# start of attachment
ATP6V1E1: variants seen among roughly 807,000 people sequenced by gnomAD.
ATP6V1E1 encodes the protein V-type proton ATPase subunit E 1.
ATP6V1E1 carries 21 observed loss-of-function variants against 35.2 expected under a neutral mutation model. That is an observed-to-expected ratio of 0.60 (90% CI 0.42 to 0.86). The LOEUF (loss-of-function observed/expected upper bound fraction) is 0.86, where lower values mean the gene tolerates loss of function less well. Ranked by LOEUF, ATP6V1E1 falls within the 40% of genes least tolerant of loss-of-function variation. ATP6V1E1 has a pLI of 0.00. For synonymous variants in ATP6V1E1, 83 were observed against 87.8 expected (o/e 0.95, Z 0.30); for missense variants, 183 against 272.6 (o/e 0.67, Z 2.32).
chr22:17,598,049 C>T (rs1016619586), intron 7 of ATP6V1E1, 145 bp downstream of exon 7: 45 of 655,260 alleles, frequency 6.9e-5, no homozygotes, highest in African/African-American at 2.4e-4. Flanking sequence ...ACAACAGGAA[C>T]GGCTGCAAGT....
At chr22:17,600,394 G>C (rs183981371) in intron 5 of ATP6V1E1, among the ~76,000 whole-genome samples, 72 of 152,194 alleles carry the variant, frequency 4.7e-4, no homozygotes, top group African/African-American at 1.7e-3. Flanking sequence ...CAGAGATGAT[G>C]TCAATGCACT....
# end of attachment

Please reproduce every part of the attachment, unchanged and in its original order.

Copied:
ATP6V1E1: variants seen among roughly 807,000 people sequenced by gnomAD.
ATP6V1E1 encodes the protein V-type proton ATPase subunit E 1.
ATP6V1E1 carries 21 observed loss-of-function variants against 35.2 expected under a neutral mutation model. That is an observed-to-expected ratio of 0.60 (90% CI 0.42 to 0.86). The LOEUF (loss-of-function observed/expected upper bound fraction) is 0.86, where lower values mean the gene tolerates loss of function less well. Ranked by LOEUF, ATP6V1E1 falls within the 40% of genes least tolerant of loss-of-function variation. ATP6V1E1 has a pLI of 0.00. For synonymous variants in ATP6V1E1, 83 were observed against 87.8 expected (o/e 0.95, Z 0.30); for missense variants, 183 against 272.6 (o/e 0.67, Z 2.32).
chr22:17,598,049 C>T (rs1016619586), intron 7 of ATP6V1E1, 145 bp downstream of exon 7: 45 of 655,260 alleles, frequency 6.9e-5, no homozygotes, highest in African/African-American at 2.4e-4. Flanking sequence ...ACAACAGGAA[C>T]GGCTGCAAGT....
At chr22:17,600,394 G>C (rs183981371) in intron 5 of ATP6V1E1, among the ~76,000 whole-genome samples, 72 of 152,194 alleles carry the variant, frequency 4.7e-4, no homozygotes, top group African/African-American at 1.7e-3. Flanking sequence ...CAGAGATGAT[G>C]TCAATGCACT....